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Jones oxidation

The Jones oxidation is a chemical reaction described as the chromic acid oxidation of primary and secondary alcohols to carboxylic acids and ketones, respectively.[1][2][3][4][5] Jones reagent - a solution of chromium trioxide in concentrated sulfuric acid - is used as the oxidizing agent.

The solvent acetone markedly affects the properties of the chromic acid. The oxidation is very rapid, quite exothermic, and the yields are typically high. The reagent rarely oxidizes unsaturated bonds.

Unfortunately, the chromium residue is very toxic, and care must be taken to dispose of it properly.


  1. ^ Bowden, K.; Heilbron, I. M.; Jones, E. R. H. J. Chem. Soc. 1946, 39.
  2. ^ Heilbron, I.M.; Jones, E.R.H.; Sondheimer, F. J. Chem. Soc. 1949, 604.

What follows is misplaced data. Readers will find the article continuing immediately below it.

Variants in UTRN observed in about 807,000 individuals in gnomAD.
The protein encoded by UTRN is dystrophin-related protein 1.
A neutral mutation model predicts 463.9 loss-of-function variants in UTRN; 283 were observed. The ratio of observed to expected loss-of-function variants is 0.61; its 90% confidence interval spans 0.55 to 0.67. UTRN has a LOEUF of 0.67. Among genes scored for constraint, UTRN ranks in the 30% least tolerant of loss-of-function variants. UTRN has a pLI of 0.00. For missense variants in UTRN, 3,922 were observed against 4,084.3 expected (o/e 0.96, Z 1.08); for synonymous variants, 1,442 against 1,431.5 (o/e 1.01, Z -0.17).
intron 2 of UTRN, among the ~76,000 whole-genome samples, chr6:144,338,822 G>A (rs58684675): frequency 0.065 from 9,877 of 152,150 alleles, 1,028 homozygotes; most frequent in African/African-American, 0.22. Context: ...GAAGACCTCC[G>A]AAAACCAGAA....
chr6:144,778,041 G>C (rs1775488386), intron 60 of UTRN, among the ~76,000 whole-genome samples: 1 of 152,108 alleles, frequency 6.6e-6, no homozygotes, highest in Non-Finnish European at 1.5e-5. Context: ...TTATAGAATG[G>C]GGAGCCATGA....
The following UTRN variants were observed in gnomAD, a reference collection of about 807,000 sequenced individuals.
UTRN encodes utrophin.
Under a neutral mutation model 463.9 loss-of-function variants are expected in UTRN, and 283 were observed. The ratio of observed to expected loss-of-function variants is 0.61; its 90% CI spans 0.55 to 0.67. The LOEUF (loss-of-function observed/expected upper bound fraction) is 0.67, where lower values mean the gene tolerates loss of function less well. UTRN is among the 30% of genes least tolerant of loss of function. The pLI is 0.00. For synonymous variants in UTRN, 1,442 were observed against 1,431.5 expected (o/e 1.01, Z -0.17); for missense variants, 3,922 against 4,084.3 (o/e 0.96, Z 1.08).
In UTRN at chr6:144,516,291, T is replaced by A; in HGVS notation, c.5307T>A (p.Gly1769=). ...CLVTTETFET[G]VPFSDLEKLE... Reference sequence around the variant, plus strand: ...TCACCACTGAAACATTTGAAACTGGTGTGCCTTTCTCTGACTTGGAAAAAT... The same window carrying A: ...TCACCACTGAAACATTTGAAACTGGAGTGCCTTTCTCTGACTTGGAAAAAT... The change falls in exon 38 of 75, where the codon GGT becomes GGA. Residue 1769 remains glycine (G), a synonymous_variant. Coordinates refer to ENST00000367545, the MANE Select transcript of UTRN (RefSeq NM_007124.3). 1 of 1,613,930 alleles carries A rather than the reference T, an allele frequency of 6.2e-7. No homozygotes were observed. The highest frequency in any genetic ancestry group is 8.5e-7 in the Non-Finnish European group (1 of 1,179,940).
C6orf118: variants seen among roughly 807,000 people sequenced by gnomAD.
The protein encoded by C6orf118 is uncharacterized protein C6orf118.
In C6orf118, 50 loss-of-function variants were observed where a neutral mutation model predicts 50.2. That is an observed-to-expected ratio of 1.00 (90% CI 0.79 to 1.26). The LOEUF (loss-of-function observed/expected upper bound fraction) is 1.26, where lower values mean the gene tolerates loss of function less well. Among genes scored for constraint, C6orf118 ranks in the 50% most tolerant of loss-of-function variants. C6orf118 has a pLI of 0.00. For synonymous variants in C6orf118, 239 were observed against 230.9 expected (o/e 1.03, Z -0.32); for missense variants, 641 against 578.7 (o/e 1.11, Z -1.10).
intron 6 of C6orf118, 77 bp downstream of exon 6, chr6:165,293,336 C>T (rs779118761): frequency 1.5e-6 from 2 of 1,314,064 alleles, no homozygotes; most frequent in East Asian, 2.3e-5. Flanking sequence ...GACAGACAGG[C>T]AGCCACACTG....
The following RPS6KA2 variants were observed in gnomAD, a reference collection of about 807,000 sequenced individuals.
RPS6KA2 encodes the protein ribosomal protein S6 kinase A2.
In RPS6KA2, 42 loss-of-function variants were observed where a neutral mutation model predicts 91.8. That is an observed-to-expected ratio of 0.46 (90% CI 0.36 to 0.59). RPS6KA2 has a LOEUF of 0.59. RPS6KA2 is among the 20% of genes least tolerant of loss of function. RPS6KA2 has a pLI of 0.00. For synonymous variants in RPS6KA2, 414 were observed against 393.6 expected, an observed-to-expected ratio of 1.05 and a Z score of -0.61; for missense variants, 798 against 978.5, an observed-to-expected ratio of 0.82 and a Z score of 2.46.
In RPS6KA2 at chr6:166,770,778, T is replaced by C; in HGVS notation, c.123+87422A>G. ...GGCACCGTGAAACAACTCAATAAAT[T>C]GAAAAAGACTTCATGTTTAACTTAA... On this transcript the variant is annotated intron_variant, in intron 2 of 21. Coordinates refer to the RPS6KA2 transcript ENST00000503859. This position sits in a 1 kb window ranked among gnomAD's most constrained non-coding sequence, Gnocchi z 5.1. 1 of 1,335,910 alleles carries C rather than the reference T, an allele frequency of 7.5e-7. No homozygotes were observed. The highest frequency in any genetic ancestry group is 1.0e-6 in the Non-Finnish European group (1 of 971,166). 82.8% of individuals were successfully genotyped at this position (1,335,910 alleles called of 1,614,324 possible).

3. ^ Bladon, P. et al. J. Chem. Soc. 1951, 2402.
  4. ^ Jones, E. R. H. et al. J. Chem. Soc. 1953, 457 & 2548 & 3019.
  5. ^ C. Djerassi, R. Engle and A. Bowers (1956). "Notes - The Direct Conversion of Steroidal Δ5-3β-Alcohols to Δ5- and Δ4-3-Ketones". J. Org. Chem. 21 (12): 1547-1549. doi:10.1021/jo01118a627.
  • Ley, S. V.; Madin, A. Comp. Org. Syn. 1991, 7, 253-256. (Review)
  • E. J. Eisenbraun (1973). "Cyclooctanone". Org. Synth.; Coll. Vol. 5: 310. 
  • J. Meinwald, J. Crandall, and W. E. Hymans (1973). "Nortricyclanone". Org. Synth.; Coll. Vol. 5: 866. 

See also

This article is licensed under the GNU Free Documentation License. It uses material from the Wikipedia article "Jones_oxidation". A list of authors is available in Wikipedia.
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